Brazilian Jiu-Jitsu is often regarded as the most effective martial art for self-defense, and the rolling (sparring) culture has much to do with it. BJJ is a grappling-based martial art, so you get to roll with your training partners after every class. BJJ fighters typically roll a handful of times with multiple partners during each class, so they get the experience of up to 15 fights per week under their belts. As a result, you improve as a fighter at a rapid pace.
People who train in martial arts like boxing don’t have that luxury since sparring at 100 percent puts a lot of stress on the body. People in these sports typically only get to spar once or twice weekly. Anything more than that can end up doing more damage than good.
Getting The Most Out Of Your Rolling Sessions
You’ll get more out of your sparring sessions if you do some simple things like:
1) Roll With A Purpose
Always have a few things you want to work on in mind heading into your sparring sessions. You’ll still improve with mindless rolling, but you can work on your specific weaknesses and add different elements to your game by having a clear purpose.
Think of all the main things you struggle with and work on them when you roll. Remember, rolling isn’t about making your training partners tap out and feeling like you’re the best student in the class. It’s about taking advantage of the opportunity to work on your strengths and weaknesses as a BJJ player.
Write down your main weaknesses and things you want to add to your arsenal. Examples of things you can work on while rolling include:
- Improving your escapes from bottom positions
- Improving your cardio (roll at a faster pace to push your lungs)
- Experimenting with a new technique
- Improving your guard passing
- Mastering a submission
Talk to your training partners about what you work on before your rolling sessions, and you’ll be shocked at how many of them will be willing to help you. For example, if you notice you typically get stuck in bottom half guard while rolling, ask your sparring partner to start in that position so you can work on your escapes and reversals while they try to submit you. It’s the little things like these that separate average BJJ players from great ones.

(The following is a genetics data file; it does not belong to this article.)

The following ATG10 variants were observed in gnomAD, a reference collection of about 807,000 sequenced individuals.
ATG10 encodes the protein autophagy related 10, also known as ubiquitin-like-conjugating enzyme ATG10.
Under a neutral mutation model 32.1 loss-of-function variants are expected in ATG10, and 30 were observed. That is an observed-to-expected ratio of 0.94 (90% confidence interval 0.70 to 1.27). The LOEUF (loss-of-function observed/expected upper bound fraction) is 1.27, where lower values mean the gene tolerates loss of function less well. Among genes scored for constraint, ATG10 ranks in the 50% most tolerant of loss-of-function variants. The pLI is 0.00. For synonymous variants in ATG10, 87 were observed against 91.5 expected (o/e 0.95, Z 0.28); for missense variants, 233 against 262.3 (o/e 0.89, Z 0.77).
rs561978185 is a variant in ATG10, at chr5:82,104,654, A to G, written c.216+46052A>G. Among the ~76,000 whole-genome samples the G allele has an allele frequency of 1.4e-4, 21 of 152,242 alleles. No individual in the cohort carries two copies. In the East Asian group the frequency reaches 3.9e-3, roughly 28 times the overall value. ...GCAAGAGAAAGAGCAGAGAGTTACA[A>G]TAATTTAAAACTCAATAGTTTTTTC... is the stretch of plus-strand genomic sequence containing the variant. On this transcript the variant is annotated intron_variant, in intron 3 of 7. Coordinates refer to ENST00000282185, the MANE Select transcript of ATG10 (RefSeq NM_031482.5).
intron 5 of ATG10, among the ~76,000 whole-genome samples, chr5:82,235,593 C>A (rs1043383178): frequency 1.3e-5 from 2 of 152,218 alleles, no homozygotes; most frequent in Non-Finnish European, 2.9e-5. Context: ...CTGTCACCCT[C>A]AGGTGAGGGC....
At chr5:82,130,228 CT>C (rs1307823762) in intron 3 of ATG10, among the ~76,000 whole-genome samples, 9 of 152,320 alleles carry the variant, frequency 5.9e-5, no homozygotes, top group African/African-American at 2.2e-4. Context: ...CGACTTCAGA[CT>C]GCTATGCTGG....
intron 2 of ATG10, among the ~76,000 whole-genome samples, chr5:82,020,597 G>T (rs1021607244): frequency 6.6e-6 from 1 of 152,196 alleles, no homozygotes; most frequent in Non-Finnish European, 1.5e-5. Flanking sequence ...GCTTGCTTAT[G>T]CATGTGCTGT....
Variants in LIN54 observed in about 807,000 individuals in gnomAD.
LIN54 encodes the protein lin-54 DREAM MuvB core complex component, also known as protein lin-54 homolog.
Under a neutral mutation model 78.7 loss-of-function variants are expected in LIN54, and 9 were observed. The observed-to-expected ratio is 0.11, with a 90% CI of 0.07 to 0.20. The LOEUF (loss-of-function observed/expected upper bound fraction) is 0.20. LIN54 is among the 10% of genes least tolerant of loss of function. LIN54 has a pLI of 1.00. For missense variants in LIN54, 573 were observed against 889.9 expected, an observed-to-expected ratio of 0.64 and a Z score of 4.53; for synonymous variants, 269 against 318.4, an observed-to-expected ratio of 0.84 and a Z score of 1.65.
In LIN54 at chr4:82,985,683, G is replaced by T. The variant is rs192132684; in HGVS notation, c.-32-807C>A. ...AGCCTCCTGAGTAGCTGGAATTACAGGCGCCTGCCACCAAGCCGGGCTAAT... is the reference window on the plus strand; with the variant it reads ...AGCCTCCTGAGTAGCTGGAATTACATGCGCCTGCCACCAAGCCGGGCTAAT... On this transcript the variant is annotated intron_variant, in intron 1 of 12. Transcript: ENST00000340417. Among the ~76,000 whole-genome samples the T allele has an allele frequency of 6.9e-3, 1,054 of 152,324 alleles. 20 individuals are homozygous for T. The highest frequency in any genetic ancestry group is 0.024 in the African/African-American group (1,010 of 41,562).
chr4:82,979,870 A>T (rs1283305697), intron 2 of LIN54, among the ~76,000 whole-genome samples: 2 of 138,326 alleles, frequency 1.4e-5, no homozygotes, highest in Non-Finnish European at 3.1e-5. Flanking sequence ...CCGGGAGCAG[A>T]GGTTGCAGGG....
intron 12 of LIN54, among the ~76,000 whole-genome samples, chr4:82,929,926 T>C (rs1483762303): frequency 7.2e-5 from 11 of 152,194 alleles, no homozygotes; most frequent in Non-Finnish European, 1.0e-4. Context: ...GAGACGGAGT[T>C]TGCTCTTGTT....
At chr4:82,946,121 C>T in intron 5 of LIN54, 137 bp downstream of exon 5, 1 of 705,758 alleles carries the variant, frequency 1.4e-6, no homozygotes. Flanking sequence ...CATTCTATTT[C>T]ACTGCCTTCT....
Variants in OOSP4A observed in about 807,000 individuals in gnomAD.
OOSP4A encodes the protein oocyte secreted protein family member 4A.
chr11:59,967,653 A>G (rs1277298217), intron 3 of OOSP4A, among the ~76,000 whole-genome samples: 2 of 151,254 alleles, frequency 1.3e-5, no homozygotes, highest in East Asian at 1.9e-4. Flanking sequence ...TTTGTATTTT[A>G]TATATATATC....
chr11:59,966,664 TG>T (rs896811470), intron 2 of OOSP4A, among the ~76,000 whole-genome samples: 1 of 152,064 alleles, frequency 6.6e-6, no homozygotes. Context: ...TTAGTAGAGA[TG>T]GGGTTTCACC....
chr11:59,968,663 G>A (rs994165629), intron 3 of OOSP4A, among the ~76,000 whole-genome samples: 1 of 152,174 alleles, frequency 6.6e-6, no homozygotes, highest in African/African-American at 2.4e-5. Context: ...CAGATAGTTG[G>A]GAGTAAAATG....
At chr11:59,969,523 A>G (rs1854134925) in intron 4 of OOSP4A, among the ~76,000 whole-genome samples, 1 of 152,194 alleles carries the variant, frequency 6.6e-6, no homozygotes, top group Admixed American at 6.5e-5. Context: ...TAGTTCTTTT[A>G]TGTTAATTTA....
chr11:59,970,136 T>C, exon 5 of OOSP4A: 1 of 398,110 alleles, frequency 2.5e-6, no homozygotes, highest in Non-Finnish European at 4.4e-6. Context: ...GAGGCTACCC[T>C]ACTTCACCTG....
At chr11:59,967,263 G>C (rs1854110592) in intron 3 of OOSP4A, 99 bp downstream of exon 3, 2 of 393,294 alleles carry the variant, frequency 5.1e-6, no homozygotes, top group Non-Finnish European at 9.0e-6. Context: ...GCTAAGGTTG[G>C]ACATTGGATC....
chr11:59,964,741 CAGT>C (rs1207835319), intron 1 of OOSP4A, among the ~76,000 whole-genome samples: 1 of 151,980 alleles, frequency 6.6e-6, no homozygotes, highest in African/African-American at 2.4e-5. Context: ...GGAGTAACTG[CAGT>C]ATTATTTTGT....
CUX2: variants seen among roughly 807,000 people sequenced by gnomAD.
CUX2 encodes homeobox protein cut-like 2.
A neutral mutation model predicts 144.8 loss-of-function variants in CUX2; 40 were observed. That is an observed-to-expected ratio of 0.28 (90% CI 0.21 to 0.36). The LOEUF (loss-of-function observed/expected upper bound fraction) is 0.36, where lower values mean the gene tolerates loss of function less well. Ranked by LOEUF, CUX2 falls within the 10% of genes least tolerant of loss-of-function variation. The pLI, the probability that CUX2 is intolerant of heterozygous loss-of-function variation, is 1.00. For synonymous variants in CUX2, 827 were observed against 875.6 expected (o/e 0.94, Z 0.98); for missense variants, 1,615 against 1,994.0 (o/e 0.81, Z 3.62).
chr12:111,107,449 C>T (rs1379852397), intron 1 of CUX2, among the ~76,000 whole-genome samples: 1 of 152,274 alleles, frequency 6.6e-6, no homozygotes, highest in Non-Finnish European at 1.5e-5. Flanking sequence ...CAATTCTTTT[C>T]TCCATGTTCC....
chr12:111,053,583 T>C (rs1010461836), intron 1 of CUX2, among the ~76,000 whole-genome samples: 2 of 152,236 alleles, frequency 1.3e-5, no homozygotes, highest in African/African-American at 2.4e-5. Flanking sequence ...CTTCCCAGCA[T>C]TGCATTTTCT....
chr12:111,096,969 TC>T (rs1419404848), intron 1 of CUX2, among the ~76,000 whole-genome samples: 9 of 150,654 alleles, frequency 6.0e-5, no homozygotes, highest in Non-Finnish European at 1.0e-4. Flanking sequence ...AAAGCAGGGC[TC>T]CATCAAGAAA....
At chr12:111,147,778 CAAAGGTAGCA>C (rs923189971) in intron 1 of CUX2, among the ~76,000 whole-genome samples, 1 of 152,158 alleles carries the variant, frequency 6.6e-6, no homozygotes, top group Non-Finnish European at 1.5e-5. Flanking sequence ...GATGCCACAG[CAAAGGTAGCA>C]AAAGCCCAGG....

2) Stay Focused When Rolling
It’s not uncommon to see BJJ players spend more time talking and discussing techniques during rolling sessions, but that’s not the best approach. Don’t roll for a minute, and then spend five minutes talking about the technique you used.
Taking some time to give your sparring partner some pointers or explaining how you did something is okay, but don’t spend most of the time you should be rolling having conversations about technique. You can do that after class when your body has had all the grappling it can handle in one day.
3) Lose The Ego
Failing to control your ego will prevent you and your training partners from getting the most out of your training sessions. Egotistical people tend to turn everything into competitions, including simple things like performing drills in the dojo.
A massive ego makes it harder to grow as a martial artist since it makes you reluctant to train with people you know who are better than you are. It makes you more worried about who looks better during sparring sessions instead of looking to improve.
For example, your ego might prevent you from going for an advanced technique because you’re worried about losing your position and potentially losing the rolling session. As a result, you don’t get to practice advanced moves as often as you should because you’re more concerned with playing it safe to protect your ego. Playing it safe is for competitions, not sparring at the dojo. The dojo is where you experiment with positions, sweeps, and submissions. It’s the ideal place to master complex techniques like helicopter armbars.
A huge ego also increases your risk of injury since you’re less likely to tap out when caught in a submission. This also denies your sparring partners honest feedback about their techniques since you’re more concerned about protecting your ego than acknowledging defeat. An uncontrolled ego also puts your training partners at risk since you’re more concerned with hunting for submissions than your training partner’s safety.
4) Ask Questions
Don’t be shy to ask your training partners or instructors questions if there’s a technique you’re curious about. It might be a move a training partner executes on you while rolling or something you notice someone doing at the gym. Most gyms encourage students to share knowledge, and your training partners will probably be happy to help. The fact you noticed something they do that is effective on the mat gives them honest feedback, and you’ll be a better grappler once you add it to your arsenal.
5) Roll Regularly
Rolling a few times a month won’t cut it if you want to be good at BJJ. You need to be consistent with your training, and that includes sparring. Sparring allows you to practice your techniques on resisting opponents, and it also gives you a full-body workout. It builds sport-specific muscles that make you more effective on the mat. It’s why grapplers are typically stronger than the average person, even if they’re around the same size.
6) Be Respectful
Being respectful goes a long way in all aspects of life, including Brazilian Jiu-Jitsu training. First, you show respect to your training partners and instructors by showing up on time to train. Time is the most valuable thing in the world, so respect the gym by not showing up late and interrupting class.
You should also be respectful to all your training partners regardless of their skill level. You were once a beginner too, so try to inspire, encourage, and give them pointers are you train. Always train in a way that allows your training partners to get the most out of their time on the mat while you do the same for yourself.
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